The mother of a 6-year-old boy who was accidentally given floor sealant instead of milk while attending a summer daycare program told Snopes that she was not notified of the incident until several hours after it occurred.
Molly Zaleski’s son attends the summer daycare program Sít’ Eetí Shaanáx – Glacier Valley School in Juneau, Alaska. During a normally scheduled meal time, at least 12 students and two teachers were given cups filled with a substance that resembled milk around 8:45 a.m. on June 15, reported local radio station KTOO. Zaleski told Snopes that she was not notified of the incident until after she picked her son up around noon that same day.
“I’ve been seeing a bunch of articles around and they’re saying things like, parents were contacted immediately or after poison control and I’m just like — oh, were we? Because that’s not my experience,” she told Snopes. “I went to pick him up after his half day. It was then that I was told that he had something this morning and if he throws up three times, I needed to bring him to the hospital.
Zaleski’s child attends the program with other kids between 5 and 12 during the summer months. Some of the children reported burning sensations in their mouth and throats, and the parents of at least one child reportedly sought medical treatment at a hospital.
“He said that on the first sip, he felt it burning on his tongue. He did this face where he was sticking his tongue out and trying to wipe it off with his hands, and he said that the kid who was sitting across the table from him did the same thing. He did have a tummy ache but thankfully, the first sip he knew something was wrong,” said Zaleski.
The three hours, she added, is “a big delay.” Zaleski said that school personnel told her that after consulting poison control, her son was monitored and made to stay upright for an hour.
“He had an upset stomach, but he was more upset about not being able to go outside and play,” she added. “They monitored him for a full hour and within that time, nobody thought to call the parents. It’s crazy to me.”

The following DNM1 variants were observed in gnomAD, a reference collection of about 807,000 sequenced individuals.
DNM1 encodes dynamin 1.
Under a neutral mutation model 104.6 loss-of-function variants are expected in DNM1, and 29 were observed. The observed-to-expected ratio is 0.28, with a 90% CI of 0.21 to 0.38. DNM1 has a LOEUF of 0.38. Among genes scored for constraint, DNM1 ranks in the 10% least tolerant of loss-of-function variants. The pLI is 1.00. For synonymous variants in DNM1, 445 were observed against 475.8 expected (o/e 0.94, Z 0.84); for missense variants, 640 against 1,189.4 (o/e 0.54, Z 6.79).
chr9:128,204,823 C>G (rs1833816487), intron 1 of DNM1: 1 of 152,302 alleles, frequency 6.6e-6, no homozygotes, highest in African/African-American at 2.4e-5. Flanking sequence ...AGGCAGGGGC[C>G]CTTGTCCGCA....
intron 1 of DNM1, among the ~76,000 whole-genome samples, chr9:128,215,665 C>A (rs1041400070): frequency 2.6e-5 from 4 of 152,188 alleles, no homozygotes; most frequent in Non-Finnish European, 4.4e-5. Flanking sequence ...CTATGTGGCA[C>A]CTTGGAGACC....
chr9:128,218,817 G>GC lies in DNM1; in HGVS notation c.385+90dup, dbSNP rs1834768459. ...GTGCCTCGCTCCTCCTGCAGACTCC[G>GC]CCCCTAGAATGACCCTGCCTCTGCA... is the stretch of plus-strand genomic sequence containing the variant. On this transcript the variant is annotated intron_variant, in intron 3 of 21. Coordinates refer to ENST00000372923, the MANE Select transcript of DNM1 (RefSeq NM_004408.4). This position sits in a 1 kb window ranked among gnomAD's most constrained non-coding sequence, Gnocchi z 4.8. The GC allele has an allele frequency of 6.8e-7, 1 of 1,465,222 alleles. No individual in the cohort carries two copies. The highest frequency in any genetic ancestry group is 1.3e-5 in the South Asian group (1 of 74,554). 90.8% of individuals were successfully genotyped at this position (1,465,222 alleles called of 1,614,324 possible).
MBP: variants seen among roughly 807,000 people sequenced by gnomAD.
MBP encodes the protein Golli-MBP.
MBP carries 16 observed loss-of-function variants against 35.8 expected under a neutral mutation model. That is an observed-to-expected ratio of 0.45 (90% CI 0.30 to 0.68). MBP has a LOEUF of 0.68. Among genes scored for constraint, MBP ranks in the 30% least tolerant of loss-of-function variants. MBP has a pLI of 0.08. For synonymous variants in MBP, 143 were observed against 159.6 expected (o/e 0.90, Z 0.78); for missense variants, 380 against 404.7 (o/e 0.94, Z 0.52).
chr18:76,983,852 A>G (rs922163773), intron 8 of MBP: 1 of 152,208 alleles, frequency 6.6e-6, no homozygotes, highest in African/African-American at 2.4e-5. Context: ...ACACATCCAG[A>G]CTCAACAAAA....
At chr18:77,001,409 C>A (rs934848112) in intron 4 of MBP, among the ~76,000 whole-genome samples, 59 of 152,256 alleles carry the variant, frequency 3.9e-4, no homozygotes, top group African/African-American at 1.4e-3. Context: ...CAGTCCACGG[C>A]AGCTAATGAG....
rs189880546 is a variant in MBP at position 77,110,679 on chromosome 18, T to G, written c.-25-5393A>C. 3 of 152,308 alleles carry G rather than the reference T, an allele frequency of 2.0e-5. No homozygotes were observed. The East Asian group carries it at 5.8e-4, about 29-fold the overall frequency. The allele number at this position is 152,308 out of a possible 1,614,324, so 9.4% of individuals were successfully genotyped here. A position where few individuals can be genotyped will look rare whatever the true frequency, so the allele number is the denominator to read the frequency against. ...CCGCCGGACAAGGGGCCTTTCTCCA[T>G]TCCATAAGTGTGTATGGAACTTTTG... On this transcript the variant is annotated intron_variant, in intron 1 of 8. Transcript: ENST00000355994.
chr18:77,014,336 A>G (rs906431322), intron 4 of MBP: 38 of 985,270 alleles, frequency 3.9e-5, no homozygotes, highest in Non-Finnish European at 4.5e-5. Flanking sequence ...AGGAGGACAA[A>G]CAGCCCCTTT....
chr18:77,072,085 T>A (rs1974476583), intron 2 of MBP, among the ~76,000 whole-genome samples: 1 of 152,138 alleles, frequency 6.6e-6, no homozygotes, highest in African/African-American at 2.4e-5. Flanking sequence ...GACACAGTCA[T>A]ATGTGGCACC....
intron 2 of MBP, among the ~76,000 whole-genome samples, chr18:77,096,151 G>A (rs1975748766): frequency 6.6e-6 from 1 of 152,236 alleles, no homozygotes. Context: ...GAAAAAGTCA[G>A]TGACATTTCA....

According to KTOO, the sealant was a product called Hillyard Seal 341, and as school officials reportedly assured parents, its safety data sheet notes that it is “expected to be a low ingestion hazard.” Seal 341 is described as white with a “milky emulsion” and without a noticeable scent.
The next day, The Associated Press published more details concerning the incident, noting that officials don’t believe that there is any criminal or bad intent at this point, but that they “want a thorough investigation of what happened, how it happened.” Food items are reportedly delivered by a food servicing contractor and served by school staff. Milk comes in a plastic bag that is housed in a cardboard box and put into a dispenser to serve with meals. Both the milk and the sealant are typically stored at a district commodity storage site off campus, and it appears that the sealant was transferred to the school on the same pallet as the milk pouches. (Zaleski confirmed these details, adding that officials had relayed the above information to her.)
School and contract personnel determined that after looking at the container label, a clear plastic bag of milk placed in a dispenser was the floor sealant.